As the proportion of customers with iPhones grows — 5.9 million 3G iPhones were activated in the last three quarters, 7.5% of AT&T’s total subscribers — the resulting growth in downloading and Web browsing will strain AT&T’s network. AT&T will need to add cell towers and spend more on the back-haul lines that connect the towers to the rest of the network.


The falling cost of voice minutes and additions of lower-end customer has offset growth of text messaging and other data services. Voice and texting use little bandwidth and are lucrative.

Now, new customers are harder to come by. The question is whether new data revenues the industry is banking on — from Web-browsing and entertainment services — will be as profitable, at least as measured by return on invested capital. That looks doubtful. To ensure networks have the capacity to offer these services, particularly bandwidth-heavy offerings like video streaming, carriers will have to make heavy capital investment. Both AT&T and Verizon are building the next-generation 4G network, each spending more than $9 billion last year on new wireless spectrum, as well as $6 billion annually on overall capacity.


In the short term, carriers should abandon unlimited data pricing plans. Both AT&T and Verizon Wireless already charge extra for heavy users with wirelessly connected laptops. They will have to contemplate similar strategies for smartphone users.

Setting the right price won’t be easy. With competition, the temptation to discount will be hard to avoid. And there’s no guarantee that customers will pay as much for entertainment as for voice-calling and email.

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Polaroid – a testimony to bad management

Polaroid – a testimony to bad management

Is there a brand name that is better than Polaroid?

I am sure that there is but not too many.  Coke and Pepsi come to mind.  Mac is probably more popular.  Perhaps Levi’s and Mercedes.  There may be a dozen or two others but to be honest, if someone says Polaroid you instantly know what it is: a camera that takes a picture and spits it out immediately to be enjoyed by you and others.  What a perfect idea for the US where we are known for our lack of patience and need for instant gratification.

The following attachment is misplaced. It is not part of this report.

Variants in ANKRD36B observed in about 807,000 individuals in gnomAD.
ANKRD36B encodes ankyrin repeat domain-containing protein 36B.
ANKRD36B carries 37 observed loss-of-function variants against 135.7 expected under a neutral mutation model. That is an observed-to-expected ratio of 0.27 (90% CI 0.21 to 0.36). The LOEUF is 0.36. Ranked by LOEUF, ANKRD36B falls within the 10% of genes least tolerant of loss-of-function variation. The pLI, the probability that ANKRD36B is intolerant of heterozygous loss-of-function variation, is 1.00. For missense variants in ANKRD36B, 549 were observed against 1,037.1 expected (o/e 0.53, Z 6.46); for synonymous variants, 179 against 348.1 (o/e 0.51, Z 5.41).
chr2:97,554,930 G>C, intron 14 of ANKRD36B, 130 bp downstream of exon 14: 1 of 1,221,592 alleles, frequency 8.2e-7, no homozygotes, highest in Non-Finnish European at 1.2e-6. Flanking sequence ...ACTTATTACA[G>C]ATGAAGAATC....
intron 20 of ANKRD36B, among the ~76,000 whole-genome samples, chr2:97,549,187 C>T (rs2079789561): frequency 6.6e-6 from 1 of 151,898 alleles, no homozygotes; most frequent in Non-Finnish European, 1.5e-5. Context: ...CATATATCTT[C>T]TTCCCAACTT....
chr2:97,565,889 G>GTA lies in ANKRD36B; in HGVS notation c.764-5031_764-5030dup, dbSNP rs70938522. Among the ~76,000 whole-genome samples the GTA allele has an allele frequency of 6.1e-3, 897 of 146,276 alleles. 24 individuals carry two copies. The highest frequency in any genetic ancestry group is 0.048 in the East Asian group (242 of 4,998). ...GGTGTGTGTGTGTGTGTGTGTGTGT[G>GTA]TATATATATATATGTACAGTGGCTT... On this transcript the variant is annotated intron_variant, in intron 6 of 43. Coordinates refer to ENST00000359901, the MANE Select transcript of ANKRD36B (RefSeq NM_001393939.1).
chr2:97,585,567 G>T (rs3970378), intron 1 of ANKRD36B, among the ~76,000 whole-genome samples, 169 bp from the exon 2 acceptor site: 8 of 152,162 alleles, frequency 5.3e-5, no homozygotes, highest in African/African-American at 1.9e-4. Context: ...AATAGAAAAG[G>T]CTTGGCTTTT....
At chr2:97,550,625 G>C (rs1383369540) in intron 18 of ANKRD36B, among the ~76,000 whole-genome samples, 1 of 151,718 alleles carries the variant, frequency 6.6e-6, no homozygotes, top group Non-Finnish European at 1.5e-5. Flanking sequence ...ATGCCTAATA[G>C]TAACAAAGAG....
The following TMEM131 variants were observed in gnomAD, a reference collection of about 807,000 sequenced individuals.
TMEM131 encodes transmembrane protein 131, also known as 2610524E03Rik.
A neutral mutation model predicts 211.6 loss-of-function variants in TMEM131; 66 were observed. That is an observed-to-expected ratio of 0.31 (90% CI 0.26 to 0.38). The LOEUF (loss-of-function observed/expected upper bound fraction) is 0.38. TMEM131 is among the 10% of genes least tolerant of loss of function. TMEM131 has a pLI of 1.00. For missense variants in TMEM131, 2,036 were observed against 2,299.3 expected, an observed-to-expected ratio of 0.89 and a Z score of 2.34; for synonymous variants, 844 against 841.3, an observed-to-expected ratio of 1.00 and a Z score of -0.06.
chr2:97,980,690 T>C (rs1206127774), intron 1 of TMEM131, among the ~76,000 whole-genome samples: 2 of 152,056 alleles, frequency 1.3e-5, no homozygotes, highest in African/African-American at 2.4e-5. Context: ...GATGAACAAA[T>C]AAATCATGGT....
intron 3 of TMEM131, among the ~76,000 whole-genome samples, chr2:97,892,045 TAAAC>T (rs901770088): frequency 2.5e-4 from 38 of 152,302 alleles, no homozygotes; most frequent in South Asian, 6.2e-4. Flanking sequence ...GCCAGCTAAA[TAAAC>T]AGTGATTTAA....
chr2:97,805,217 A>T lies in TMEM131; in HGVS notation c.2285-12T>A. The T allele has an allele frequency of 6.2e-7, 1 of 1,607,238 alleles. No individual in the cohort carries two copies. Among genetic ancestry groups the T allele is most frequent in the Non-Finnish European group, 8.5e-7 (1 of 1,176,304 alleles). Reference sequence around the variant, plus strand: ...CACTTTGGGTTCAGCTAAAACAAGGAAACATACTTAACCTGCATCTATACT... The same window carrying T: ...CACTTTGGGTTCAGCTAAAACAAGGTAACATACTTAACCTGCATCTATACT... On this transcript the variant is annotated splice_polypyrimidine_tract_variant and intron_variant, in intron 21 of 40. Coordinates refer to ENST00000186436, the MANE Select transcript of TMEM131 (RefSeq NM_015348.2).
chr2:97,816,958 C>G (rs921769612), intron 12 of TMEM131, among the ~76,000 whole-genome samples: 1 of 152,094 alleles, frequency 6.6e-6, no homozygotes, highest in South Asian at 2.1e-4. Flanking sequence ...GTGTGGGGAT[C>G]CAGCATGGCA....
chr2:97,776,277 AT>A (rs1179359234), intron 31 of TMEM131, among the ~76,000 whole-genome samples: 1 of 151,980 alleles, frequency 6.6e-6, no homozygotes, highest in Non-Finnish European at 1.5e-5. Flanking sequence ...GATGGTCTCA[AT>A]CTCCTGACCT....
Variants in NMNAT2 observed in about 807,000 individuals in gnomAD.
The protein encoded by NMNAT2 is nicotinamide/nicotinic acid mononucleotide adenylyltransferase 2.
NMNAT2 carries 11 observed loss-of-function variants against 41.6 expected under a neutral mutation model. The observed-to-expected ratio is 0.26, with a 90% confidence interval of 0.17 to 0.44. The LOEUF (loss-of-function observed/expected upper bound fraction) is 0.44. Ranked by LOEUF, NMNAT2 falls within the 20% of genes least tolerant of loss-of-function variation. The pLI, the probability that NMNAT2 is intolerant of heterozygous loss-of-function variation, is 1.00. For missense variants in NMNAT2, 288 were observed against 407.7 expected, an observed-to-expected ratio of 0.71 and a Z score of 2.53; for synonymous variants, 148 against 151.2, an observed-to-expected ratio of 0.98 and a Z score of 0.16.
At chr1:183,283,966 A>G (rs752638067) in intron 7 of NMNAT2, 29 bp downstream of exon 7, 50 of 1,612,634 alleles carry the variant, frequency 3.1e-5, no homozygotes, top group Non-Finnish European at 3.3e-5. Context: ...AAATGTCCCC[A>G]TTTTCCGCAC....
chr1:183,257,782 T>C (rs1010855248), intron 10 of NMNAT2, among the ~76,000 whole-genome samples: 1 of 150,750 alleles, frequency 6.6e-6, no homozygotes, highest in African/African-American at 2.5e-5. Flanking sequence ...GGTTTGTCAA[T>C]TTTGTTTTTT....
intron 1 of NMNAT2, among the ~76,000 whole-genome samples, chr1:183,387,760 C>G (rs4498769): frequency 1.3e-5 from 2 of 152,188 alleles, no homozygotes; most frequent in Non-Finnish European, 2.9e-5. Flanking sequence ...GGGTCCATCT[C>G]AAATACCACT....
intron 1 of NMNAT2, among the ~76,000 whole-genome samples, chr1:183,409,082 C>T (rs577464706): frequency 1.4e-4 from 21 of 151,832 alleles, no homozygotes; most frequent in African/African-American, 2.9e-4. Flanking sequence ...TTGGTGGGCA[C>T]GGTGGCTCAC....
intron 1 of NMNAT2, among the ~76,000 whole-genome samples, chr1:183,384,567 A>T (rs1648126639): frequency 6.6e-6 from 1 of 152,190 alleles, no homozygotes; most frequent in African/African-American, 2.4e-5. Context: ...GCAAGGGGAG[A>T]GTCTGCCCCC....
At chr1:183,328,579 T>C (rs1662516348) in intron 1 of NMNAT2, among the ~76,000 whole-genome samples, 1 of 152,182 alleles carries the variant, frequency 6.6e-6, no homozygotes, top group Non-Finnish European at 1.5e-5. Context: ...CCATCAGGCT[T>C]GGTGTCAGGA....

Today, multimedia dominates the Internet and the computer industry.  The ability to interact with and use images and movies drives the sale of most computers.  In fact, a recent Apple v. PC discusses the ability of the Mac to manage volumes of digital images.

Mac VS PC Stacks

So how did a company that was synonymous with instant gratification and images fail so miserably?  Below, I have a Wall Street Journal article where the company was just auctioned off for a miserable $53M.  It was only a decade or so ago that this would have been about a week’s worth of sales!

I am sure the business schools of the world have case studies on Polaroid.  At least they should.  It is a testimony to a management that just plain messed up.  I sometimes wonder if some companies actually try to fail since they do it so well and convincingly.  GM would probably fall into this pool of companies!

I feel sorry for everyone that trusted this screwed up management.  I am sure that Mr. Land has been rolling over in his grave so much that his skeleton is likely is ground to dust.  Rest in peace, Mr. Land.  Hopefully the new owners of this icon will do better and preserve your legacy.

Private-equity firm Patriarch Partners LLC bested other bidders in a court auction to buy Polaroid Corp.’s assets out of bankruptcy for $52.7 million in cash and stock.